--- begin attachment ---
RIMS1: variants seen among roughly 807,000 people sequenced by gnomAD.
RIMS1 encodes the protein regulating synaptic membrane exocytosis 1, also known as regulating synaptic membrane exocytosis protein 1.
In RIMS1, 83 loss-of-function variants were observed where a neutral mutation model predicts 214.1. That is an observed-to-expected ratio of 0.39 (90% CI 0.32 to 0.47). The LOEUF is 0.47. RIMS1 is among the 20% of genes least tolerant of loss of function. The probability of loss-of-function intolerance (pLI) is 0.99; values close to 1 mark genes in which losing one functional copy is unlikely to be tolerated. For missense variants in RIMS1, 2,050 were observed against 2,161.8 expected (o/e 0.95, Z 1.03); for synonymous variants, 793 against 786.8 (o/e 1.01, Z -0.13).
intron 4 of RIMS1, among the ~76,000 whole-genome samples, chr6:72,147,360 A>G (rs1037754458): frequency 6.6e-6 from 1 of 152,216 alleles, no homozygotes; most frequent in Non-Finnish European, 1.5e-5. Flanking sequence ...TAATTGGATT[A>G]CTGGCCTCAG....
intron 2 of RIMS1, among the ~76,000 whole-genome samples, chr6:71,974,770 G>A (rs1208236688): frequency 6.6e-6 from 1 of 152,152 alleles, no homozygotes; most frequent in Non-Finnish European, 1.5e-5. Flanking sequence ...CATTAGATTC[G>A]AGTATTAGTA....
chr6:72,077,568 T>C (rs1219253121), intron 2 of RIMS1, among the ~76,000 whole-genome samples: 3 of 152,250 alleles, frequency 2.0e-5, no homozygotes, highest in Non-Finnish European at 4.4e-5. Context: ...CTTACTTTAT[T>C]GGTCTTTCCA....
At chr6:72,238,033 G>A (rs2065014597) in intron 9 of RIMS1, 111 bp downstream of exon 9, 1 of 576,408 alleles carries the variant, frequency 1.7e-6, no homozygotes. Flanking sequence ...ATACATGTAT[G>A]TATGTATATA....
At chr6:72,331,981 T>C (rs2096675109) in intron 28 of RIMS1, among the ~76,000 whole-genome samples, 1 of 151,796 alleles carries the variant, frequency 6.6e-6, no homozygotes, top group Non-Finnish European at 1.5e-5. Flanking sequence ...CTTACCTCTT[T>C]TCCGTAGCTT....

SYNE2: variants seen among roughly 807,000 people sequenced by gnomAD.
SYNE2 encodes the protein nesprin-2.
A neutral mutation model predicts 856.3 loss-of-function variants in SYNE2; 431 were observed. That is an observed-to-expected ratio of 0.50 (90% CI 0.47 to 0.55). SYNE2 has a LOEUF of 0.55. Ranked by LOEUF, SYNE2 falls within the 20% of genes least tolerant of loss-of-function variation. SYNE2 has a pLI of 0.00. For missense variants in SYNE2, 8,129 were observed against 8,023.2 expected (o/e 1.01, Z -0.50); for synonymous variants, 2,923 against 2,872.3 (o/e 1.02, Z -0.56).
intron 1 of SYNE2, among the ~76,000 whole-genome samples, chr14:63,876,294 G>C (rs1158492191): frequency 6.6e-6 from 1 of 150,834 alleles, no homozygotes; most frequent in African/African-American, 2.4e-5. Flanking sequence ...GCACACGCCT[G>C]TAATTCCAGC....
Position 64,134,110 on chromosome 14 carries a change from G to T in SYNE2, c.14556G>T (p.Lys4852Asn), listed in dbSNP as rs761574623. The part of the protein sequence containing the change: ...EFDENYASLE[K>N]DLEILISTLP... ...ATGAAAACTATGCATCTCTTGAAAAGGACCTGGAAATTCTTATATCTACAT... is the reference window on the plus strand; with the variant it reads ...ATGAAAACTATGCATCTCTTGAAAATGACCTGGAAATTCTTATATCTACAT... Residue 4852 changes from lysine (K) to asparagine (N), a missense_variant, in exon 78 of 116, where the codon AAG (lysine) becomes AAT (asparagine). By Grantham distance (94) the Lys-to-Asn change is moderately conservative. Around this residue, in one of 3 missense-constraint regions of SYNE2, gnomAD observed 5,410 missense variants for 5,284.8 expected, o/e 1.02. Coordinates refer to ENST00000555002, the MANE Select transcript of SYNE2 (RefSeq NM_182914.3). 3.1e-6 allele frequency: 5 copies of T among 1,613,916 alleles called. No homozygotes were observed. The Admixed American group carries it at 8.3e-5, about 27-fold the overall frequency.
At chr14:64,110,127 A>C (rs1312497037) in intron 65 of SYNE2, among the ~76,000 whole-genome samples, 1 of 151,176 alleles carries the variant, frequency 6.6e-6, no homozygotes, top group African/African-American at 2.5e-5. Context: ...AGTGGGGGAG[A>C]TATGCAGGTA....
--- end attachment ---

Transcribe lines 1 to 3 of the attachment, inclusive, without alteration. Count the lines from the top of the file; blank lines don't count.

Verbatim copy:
RIMS1: variants seen among roughly 807,000 people sequenced by gnomAD.
RIMS1 encodes the protein regulating synaptic membrane exocytosis 1, also known as regulating synaptic membrane exocytosis protein 1.
In RIMS1, 83 loss-of-function variants were observed where a neutral mutation model predicts 214.1. That is an observed-to-expected ratio of 0.39 (90% CI 0.32 to 0.47). The LOEUF is 0.47. RIMS1 is among the 20% of genes least tolerant of loss of function. The probability of loss-of-function intolerance (pLI) is 0.99; values close to 1 mark genes in which losing one functional copy is unlikely to be tolerated. For missense variants in RIMS1, 2,050 were observed against 2,161.8 expected (o/e 0.95, Z 1.03); for synonymous variants, 793 against 786.8 (o/e 1.01, Z -0.13).